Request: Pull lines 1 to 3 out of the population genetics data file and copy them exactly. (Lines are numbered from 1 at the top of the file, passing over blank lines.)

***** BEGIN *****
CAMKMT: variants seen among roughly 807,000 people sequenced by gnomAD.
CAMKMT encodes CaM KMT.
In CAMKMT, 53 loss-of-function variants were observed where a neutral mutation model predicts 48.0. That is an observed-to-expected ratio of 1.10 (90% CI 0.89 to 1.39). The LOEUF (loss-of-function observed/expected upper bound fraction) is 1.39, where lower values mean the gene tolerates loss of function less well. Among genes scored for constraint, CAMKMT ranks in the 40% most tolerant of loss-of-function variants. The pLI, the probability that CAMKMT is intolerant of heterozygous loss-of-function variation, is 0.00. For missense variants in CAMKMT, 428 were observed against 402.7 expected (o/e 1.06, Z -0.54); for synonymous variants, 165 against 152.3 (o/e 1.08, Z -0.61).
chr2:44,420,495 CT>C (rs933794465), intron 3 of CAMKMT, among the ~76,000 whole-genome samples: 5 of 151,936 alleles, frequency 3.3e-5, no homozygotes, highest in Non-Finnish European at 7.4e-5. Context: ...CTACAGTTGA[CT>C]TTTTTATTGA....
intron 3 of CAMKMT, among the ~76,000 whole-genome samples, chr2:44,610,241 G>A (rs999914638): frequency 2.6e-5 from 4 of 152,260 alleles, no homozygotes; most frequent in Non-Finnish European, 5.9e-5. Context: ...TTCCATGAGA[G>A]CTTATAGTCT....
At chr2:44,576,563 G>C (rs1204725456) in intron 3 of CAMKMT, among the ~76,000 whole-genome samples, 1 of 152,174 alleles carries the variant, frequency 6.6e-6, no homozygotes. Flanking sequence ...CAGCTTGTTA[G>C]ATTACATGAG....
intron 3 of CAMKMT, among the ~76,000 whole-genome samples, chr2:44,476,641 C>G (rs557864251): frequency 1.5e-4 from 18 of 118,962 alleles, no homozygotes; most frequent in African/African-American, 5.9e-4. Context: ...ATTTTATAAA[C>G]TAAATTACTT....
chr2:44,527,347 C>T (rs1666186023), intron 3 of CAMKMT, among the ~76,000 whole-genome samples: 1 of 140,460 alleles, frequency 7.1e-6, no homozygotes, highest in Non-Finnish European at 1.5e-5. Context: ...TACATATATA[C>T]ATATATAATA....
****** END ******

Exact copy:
CAMKMT: variants seen among roughly 807,000 people sequenced by gnomAD.
CAMKMT encodes CaM KMT.
In CAMKMT, 53 loss-of-function variants were observed where a neutral mutation model predicts 48.0. That is an observed-to-expected ratio of 1.10 (90% CI 0.89 to 1.39). The LOEUF (loss-of-function observed/expected upper bound fraction) is 1.39, where lower values mean the gene tolerates loss of function less well. Among genes scored for constraint, CAMKMT ranks in the 40% most tolerant of loss-of-function variants. The pLI, the probability that CAMKMT is intolerant of heterozygous loss-of-function variation, is 0.00. For missense variants in CAMKMT, 428 were observed against 402.7 expected (o/e 1.06, Z -0.54); for synonymous variants, 165 against 152.3 (o/e 1.08, Z -0.61).